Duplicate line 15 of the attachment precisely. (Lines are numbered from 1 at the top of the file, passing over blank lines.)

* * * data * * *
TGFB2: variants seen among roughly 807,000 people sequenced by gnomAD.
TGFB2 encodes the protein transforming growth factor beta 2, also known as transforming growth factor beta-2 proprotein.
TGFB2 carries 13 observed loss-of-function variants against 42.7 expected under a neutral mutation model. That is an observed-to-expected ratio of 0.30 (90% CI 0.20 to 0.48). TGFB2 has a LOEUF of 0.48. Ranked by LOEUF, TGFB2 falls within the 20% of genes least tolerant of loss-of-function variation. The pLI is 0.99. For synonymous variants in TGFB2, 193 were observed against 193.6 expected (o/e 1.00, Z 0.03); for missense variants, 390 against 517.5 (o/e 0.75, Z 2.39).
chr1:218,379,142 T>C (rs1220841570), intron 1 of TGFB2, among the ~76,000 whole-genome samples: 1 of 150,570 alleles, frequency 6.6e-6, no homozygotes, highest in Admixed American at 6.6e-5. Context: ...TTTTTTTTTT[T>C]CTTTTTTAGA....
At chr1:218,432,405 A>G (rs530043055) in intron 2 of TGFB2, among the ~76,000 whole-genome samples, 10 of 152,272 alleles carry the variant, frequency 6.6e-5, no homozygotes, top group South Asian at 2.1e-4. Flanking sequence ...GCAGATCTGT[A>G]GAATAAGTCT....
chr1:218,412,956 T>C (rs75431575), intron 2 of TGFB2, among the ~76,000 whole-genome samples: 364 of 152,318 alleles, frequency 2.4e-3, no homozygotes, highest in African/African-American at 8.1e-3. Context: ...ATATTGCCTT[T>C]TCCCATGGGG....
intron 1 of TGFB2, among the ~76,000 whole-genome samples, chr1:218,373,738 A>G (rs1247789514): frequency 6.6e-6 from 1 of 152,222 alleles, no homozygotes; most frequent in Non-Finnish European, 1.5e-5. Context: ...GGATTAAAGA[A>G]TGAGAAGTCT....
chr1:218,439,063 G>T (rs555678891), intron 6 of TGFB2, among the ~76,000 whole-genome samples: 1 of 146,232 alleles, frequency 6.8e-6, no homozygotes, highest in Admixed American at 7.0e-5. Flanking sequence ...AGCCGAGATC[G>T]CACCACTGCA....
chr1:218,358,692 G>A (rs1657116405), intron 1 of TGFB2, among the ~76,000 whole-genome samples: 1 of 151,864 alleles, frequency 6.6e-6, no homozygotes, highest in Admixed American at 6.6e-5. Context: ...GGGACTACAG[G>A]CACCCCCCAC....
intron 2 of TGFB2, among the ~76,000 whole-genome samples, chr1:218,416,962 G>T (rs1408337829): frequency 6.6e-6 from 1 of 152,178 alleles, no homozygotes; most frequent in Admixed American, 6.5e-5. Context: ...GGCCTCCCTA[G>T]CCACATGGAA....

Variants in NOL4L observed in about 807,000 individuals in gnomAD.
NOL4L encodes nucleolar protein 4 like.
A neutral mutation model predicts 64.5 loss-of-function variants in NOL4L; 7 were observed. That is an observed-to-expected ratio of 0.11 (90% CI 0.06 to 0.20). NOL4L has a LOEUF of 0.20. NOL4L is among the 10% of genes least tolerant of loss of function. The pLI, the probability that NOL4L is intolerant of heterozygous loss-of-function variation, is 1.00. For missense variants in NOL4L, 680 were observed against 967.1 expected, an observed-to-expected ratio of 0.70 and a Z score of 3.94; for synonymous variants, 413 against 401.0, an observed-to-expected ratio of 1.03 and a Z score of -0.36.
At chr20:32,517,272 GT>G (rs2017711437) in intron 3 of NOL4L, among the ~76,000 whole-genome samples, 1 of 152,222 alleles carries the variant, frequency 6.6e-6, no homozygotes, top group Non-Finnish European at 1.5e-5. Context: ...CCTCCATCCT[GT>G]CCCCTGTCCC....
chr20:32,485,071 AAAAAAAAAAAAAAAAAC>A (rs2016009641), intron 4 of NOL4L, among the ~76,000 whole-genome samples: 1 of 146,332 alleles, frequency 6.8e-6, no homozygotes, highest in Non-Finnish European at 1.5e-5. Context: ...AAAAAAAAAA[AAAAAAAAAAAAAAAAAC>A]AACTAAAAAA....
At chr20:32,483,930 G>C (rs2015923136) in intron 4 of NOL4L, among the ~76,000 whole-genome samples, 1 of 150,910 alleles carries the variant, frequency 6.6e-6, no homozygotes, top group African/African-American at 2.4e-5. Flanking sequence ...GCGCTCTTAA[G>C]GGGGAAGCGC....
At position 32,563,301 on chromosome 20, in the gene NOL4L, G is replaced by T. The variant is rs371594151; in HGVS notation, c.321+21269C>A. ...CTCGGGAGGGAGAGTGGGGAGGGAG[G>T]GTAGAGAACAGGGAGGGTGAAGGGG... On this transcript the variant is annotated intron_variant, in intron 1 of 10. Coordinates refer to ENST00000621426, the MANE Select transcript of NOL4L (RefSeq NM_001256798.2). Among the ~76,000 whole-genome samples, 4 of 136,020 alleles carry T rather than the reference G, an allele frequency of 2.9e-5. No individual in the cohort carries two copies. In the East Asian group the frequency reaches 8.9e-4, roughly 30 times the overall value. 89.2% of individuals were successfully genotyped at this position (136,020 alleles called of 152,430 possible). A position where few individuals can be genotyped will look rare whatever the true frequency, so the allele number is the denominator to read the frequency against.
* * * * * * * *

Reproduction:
chr20:32,485,071 AAAAAAAAAAAAAAAAAC>A (rs2016009641), intron 4 of NOL4L, among the ~76,000 whole-genome samples: 1 of 146,332 alleles, frequency 6.8e-6, no homozygotes, highest in Non-Finnish European at 1.5e-5. Context: ...AAAAAAAAAA[AAAAAAAAAAAAAAAAAC>A]AACTAAAAAA....